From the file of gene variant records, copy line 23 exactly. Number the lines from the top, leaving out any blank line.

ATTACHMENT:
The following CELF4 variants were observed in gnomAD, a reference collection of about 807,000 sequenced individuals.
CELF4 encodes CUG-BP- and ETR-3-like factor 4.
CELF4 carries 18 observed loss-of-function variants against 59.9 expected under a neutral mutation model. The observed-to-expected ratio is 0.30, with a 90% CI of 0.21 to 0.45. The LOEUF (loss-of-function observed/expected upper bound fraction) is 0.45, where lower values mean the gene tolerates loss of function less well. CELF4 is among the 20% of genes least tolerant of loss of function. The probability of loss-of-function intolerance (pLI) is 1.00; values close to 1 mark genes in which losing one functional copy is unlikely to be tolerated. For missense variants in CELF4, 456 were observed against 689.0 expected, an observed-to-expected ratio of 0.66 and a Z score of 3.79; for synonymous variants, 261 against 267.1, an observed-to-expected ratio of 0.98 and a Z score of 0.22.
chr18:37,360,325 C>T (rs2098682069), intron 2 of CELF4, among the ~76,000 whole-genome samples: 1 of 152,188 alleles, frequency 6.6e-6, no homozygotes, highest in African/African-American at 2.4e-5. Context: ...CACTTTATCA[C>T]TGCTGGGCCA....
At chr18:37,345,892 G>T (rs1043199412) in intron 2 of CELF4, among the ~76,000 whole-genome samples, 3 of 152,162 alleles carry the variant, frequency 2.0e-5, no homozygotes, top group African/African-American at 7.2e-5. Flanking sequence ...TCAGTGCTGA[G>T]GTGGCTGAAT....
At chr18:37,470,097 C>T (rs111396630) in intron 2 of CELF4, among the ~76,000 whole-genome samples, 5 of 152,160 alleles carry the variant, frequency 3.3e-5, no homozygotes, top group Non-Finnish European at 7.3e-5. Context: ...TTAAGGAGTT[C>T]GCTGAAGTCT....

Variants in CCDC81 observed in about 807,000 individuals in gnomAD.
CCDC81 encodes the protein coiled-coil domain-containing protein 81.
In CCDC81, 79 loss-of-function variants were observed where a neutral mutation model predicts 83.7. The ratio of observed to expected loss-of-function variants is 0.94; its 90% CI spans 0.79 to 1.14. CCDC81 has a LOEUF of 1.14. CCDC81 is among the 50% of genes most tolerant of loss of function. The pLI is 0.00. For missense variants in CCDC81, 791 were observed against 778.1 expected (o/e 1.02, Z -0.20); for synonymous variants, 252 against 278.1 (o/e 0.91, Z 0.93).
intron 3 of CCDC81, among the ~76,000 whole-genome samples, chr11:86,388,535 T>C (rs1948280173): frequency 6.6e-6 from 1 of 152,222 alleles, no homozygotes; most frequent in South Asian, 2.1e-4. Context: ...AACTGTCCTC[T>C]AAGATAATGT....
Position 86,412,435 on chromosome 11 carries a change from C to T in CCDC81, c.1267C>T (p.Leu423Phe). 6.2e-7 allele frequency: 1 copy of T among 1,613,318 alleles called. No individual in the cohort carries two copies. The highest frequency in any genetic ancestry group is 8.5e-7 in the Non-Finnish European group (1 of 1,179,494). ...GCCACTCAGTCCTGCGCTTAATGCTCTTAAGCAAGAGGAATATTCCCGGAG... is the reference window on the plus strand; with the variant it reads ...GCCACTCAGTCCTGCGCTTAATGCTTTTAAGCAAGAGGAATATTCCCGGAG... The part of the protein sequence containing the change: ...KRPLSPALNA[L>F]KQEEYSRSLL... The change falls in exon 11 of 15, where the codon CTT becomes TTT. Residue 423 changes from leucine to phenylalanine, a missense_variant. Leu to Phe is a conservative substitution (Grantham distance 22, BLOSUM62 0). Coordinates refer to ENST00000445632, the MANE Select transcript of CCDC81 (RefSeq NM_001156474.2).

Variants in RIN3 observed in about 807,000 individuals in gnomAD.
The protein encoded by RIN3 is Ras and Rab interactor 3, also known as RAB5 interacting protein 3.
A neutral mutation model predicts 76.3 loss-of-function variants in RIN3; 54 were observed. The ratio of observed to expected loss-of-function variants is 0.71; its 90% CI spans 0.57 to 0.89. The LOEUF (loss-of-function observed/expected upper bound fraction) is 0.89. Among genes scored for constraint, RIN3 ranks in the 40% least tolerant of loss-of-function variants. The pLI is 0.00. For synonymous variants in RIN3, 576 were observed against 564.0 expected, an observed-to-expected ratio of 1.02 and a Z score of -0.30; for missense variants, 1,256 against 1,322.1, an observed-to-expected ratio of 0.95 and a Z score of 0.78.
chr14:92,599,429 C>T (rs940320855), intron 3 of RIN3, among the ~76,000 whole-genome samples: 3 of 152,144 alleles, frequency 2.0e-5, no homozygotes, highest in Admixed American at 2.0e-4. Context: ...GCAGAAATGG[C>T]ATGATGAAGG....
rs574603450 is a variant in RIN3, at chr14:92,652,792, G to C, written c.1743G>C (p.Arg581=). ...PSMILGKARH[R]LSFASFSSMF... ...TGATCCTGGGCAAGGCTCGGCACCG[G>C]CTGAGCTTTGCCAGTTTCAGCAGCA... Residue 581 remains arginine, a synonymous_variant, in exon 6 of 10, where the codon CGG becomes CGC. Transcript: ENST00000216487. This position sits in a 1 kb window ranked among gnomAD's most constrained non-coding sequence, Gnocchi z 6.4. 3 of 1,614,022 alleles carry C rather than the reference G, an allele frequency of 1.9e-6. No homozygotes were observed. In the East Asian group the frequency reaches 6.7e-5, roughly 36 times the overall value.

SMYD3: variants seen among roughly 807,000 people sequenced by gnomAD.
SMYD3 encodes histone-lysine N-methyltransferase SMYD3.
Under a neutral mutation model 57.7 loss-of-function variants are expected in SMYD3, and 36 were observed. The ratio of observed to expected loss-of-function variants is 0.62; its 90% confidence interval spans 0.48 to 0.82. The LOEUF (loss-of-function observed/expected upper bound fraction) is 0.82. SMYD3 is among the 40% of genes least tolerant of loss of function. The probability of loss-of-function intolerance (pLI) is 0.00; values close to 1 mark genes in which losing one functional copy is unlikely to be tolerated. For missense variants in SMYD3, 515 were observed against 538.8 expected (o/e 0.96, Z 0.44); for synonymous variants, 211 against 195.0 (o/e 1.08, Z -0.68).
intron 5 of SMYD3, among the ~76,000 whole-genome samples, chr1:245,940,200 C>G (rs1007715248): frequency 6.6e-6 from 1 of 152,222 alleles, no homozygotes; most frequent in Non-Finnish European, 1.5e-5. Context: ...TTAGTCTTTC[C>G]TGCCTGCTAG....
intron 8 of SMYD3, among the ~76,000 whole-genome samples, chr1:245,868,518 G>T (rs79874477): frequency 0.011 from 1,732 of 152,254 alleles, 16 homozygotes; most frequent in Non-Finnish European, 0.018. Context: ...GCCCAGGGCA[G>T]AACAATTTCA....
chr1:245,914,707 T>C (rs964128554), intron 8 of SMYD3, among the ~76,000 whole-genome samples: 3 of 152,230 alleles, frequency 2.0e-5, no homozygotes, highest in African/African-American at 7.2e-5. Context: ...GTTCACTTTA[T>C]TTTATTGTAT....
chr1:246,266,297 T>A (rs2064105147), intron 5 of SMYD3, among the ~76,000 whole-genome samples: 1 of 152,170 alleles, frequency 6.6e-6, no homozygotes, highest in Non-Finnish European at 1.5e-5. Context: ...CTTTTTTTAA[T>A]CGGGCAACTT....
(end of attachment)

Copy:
chr1:246,266,297 T>A (rs2064105147), intron 5 of SMYD3, among the ~76,000 whole-genome samples: 1 of 152,170 alleles, frequency 6.6e-6, no homozygotes, highest in Non-Finnish European at 1.5e-5. Context: ...CTTTTTTTAA[T>A]CGGGCAACTT....